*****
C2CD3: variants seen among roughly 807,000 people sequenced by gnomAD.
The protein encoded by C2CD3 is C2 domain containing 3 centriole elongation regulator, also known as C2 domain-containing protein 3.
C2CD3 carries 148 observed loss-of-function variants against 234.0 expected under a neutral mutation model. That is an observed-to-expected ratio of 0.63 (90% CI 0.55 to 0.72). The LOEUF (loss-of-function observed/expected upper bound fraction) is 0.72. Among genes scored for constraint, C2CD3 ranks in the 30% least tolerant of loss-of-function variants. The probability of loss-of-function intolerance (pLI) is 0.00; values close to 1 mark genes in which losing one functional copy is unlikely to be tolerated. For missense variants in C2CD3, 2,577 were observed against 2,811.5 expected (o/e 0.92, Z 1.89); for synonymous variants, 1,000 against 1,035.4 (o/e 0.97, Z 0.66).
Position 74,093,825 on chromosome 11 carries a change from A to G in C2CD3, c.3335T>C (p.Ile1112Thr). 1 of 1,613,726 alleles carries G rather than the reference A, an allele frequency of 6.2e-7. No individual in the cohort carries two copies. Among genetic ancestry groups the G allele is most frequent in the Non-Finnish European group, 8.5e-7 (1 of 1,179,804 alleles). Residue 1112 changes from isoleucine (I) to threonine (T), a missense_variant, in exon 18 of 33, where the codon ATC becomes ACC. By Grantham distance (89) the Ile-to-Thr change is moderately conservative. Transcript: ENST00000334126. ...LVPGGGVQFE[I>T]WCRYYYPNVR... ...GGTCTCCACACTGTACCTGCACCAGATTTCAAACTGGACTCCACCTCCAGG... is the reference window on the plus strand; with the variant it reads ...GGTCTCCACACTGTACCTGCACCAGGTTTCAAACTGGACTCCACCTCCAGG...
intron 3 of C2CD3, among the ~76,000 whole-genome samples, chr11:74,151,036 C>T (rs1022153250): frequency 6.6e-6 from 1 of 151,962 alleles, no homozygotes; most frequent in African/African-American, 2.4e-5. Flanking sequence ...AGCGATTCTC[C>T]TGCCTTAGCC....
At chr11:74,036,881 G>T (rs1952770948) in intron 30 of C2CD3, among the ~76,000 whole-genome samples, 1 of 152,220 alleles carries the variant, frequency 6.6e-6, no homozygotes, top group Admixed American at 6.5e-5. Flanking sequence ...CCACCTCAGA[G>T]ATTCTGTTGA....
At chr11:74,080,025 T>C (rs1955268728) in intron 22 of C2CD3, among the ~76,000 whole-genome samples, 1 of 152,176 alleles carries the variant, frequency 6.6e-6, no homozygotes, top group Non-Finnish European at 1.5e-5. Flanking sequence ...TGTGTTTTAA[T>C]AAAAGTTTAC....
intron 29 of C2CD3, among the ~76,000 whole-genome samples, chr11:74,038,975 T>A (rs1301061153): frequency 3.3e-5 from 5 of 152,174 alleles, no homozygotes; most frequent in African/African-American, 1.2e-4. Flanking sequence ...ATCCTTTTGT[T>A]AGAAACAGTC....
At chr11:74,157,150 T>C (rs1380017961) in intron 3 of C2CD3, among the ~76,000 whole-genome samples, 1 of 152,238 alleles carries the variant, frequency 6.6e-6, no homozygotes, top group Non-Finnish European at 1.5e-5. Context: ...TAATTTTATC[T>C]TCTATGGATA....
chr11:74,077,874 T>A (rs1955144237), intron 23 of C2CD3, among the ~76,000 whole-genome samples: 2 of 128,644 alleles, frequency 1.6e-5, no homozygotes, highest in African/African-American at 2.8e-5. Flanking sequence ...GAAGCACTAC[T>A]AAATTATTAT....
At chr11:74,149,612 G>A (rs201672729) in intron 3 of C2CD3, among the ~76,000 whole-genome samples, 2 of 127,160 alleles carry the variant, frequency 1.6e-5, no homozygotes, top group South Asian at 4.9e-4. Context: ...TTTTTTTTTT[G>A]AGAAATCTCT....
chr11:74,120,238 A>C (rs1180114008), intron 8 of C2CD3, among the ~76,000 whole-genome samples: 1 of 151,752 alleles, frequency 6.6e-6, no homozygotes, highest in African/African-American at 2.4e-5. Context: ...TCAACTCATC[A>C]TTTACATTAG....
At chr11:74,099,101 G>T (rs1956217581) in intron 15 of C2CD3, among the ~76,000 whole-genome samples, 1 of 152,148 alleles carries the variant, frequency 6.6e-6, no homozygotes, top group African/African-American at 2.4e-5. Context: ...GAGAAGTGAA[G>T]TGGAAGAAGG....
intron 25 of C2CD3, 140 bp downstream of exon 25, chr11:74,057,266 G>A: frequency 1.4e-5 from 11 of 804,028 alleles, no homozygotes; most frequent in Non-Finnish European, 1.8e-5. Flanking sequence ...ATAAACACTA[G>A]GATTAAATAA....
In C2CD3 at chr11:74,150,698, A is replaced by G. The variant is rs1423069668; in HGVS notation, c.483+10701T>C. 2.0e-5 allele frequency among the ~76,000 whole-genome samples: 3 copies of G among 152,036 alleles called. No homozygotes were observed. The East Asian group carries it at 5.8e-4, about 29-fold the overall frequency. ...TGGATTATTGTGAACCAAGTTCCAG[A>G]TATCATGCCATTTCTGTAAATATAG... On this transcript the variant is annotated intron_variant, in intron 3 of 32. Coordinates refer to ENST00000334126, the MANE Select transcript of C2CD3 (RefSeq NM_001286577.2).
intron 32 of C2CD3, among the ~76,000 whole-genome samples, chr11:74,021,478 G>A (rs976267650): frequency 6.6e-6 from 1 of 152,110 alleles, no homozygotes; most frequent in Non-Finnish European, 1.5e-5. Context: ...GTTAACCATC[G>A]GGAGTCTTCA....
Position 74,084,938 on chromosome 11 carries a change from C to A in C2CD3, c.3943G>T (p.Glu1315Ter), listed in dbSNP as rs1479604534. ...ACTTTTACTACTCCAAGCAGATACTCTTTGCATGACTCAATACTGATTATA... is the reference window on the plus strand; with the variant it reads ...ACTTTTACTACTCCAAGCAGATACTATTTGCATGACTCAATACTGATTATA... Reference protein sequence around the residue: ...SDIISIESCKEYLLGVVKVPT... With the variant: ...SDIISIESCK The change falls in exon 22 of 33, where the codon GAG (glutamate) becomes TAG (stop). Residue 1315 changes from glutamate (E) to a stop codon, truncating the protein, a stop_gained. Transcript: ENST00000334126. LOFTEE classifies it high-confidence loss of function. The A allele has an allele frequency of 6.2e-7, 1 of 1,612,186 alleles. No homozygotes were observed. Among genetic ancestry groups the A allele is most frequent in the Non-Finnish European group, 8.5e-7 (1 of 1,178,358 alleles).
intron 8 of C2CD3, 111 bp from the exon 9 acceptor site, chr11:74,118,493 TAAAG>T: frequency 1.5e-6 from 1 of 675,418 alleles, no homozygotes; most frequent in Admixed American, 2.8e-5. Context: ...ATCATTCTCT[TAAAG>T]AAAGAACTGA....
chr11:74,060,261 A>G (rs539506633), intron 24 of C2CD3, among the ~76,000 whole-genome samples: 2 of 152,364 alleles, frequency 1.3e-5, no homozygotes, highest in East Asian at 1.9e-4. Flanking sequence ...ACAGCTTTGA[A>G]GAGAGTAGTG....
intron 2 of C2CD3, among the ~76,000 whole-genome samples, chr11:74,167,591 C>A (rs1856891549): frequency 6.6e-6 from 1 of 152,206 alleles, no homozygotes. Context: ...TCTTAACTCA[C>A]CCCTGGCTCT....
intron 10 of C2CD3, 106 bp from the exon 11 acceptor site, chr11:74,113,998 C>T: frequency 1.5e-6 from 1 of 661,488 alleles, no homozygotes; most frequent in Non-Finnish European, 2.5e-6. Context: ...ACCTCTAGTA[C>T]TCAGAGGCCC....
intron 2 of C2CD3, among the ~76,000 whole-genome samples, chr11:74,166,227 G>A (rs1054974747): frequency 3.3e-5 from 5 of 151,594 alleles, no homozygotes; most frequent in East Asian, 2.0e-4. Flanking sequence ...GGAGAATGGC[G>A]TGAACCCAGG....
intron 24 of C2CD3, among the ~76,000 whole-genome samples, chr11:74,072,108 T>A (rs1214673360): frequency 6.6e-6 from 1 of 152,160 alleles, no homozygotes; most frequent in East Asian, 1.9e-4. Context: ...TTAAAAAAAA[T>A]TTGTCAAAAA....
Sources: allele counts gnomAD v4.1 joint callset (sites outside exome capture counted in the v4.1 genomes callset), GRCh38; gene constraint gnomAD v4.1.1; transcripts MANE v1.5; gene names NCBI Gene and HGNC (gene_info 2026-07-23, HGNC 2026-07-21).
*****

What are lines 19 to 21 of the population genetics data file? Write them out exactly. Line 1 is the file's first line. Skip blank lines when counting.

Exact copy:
chr11:74,060,261 A>G (rs539506633), intron 24 of C2CD3, among the ~76,000 whole-genome samples: 2 of 152,364 alleles, frequency 1.3e-5, no homozygotes, highest in East Asian at 1.9e-4. Flanking sequence ...ACAGCTTTGA[A>G]GAGAGTAGTG....
intron 2 of C2CD3, among the ~76,000 whole-genome samples, chr11:74,167,591 C>A (rs1856891549): frequency 6.6e-6 from 1 of 152,206 alleles, no homozygotes. Context: ...TCTTAACTCA[C>A]CCCTGGCTCT....
intron 10 of C2CD3, 106 bp from the exon 11 acceptor site, chr11:74,113,998 C>T: frequency 1.5e-6 from 1 of 661,488 alleles, no homozygotes; most frequent in Non-Finnish European, 2.5e-6. Context: ...ACCTCTAGTA[C>T]TCAGAGGCCC....